In-dealer tech device usage improves satisfaction: In-store usage of tech devices in the vehicle purchase and delivery processes—tablets, dealer personnel’s smartphone, touchscreen monitor or buyer’s smartphone—has increased slightly during the past two years at both luxury and mass market dealerships. Overall satisfaction is 45 points higher when dealers used at least one device than when none were used. Satisfaction is highest among buyers whose dealer demonstrated features either at delivery or when selecting their vehicle. Among devices used, tablets and touchscreen monitors have the biggest effect on overall satisfaction. More than one-third of buyers (36% of luxury and 39% of mass market) indicate that their dealer didn’t use any type of tech device, which represents an area of opportunity for dealers.
Texting positively influences buying process: The number of buyers who communicate via text message with dealership personnel has increased four percentage points during the past two years. Overall satisfaction among such buyers averages 11 points higher than among those who do not text with dealership personnel. “Dealers should continue to encourage this practice by their staff,” Sutton added. “It improves satisfaction scores and, by getting them into the habit of doing so now, they’ll be better prepared in the future to meet buyers’ expectations when younger, more tech-savvy customers comprise more of the marketplace.”
Sales Satisfaction Study Rankings
Porsche ranks highest in sales satisfaction among luxury brands, achieving a score of 827. This is the second consecutive year—and the fourth time since 2015—that Porsche has ranked highest. Mercedes-Benz (825) ranks second and Infiniti (821) ranks third.
Buick ranks highest in sales satisfaction among mass market brands with a score of 795. This is the third time in four years that Buick ranks highest. GMC (791) ranks second and MINI (790) ranks third.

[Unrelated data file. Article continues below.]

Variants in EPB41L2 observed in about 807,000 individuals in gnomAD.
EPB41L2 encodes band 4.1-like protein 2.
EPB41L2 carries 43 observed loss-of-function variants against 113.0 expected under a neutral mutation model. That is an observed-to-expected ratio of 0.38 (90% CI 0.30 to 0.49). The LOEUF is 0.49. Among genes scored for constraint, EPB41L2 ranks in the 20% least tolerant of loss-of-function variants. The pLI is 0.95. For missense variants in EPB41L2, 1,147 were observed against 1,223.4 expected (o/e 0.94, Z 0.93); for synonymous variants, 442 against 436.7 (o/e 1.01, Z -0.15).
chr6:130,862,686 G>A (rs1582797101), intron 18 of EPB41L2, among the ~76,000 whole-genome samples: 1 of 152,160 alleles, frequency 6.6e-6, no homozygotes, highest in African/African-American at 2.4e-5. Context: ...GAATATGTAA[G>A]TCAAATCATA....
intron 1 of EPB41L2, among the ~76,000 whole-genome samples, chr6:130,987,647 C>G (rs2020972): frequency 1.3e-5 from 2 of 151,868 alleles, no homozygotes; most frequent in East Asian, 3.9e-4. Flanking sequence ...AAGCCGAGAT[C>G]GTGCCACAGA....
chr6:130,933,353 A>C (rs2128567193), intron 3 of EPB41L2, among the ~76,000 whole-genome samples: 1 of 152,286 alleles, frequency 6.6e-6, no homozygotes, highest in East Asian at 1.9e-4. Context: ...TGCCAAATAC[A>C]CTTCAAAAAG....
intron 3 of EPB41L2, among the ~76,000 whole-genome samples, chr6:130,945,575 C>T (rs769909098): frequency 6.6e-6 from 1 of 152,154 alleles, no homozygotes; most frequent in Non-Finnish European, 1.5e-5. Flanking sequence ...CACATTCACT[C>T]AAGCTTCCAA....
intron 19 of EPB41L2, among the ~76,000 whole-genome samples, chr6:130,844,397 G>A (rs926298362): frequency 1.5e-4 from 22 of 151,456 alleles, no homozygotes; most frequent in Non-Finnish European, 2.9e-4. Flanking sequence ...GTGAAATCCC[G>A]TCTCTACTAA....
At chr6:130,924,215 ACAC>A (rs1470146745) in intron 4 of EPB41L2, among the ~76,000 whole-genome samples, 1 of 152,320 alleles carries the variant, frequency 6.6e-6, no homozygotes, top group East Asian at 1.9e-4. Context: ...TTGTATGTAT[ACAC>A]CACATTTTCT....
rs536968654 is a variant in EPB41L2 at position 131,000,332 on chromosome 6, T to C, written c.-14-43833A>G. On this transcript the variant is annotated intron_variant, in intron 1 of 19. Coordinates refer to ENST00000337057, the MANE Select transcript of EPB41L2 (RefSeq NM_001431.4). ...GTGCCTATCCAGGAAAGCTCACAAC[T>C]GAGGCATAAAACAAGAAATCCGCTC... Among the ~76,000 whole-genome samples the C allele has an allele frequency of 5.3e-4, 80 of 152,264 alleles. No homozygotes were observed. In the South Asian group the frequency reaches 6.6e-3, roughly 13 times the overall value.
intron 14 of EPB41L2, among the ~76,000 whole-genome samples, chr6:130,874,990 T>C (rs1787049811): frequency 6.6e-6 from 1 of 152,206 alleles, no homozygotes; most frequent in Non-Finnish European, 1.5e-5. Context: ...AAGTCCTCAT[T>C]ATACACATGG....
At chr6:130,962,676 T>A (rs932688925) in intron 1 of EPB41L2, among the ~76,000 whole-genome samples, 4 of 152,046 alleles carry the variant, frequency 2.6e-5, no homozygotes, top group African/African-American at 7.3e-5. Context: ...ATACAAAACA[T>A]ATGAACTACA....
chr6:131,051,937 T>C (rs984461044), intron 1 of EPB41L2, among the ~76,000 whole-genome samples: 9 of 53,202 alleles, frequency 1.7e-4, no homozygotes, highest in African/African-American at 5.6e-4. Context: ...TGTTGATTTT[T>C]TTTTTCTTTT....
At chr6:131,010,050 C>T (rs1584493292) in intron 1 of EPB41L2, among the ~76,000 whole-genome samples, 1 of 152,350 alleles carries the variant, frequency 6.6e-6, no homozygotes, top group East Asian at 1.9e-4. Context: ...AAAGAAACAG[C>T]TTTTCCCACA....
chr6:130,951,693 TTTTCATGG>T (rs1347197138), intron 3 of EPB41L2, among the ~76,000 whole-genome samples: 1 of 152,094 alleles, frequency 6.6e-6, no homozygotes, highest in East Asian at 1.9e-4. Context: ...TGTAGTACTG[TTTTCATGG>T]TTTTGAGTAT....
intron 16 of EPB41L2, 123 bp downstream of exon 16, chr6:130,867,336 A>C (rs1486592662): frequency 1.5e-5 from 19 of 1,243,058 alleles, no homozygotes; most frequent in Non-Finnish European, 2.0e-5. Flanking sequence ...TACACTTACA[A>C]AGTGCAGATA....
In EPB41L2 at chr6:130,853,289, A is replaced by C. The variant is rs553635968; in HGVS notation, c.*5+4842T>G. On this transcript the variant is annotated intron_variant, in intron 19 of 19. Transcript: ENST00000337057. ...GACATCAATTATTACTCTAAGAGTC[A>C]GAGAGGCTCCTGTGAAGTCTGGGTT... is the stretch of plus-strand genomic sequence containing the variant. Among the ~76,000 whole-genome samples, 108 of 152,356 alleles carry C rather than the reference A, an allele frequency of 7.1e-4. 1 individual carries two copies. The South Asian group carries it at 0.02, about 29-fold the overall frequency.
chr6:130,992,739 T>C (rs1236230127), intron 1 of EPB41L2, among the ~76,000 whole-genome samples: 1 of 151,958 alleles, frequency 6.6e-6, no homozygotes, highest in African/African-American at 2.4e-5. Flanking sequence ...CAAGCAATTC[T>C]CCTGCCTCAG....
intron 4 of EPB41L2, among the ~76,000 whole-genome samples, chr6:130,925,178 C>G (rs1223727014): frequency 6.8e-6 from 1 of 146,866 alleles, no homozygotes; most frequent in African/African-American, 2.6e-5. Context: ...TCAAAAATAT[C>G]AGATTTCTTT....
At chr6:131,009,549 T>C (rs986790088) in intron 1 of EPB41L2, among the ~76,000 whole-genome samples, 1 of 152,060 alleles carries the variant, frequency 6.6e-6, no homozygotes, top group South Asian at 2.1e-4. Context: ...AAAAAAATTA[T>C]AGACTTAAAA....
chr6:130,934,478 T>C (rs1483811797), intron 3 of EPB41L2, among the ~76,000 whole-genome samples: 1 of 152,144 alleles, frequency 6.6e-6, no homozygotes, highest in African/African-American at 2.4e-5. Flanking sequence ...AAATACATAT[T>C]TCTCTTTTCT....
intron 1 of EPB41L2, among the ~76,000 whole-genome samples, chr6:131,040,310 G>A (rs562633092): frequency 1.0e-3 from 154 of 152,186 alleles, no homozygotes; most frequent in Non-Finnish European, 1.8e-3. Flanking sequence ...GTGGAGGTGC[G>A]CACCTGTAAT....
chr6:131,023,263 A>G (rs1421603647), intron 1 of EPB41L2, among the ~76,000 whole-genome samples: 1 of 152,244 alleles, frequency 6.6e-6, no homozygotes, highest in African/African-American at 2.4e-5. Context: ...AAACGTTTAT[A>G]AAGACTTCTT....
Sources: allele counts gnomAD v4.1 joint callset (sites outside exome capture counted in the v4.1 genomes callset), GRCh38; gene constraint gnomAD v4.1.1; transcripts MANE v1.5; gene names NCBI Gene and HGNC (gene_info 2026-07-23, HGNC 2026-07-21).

The U.S. Sales Satisfaction Index (SSI) Study — now in its 33rd year and redesigned in 2017 — measures satisfaction with the sales experience among new-vehicle buyers and rejecters (those who shop a dealership and purchase elsewhere). Buyer satisfaction is based on six factors (in order of importance): dealer personnel (28%); delivery process (21%); working out the deal (18%); paperwork completion (16%); dealership facility (13%); and dealership website (4%). Rejecter satisfaction is based on five factors: salesperson (40%); fairness of price (15%); experience negotiating (15%); variety of inventory (15%); and dealership facility (14%).
The study is based on responses from 28,867 buyers who purchased or leased their new vehicle in April-May 2019. The study is a comprehensive analysis of the new-vehicle purchase experience and measures customer satisfaction with the selling dealer (satisfaction among buyers). The study also measures satisfaction with brands and dealerships that were shopped but ultimately rejected in favor of the selling dealership (satisfaction among rejecters). The study was fielded from July through September 2019.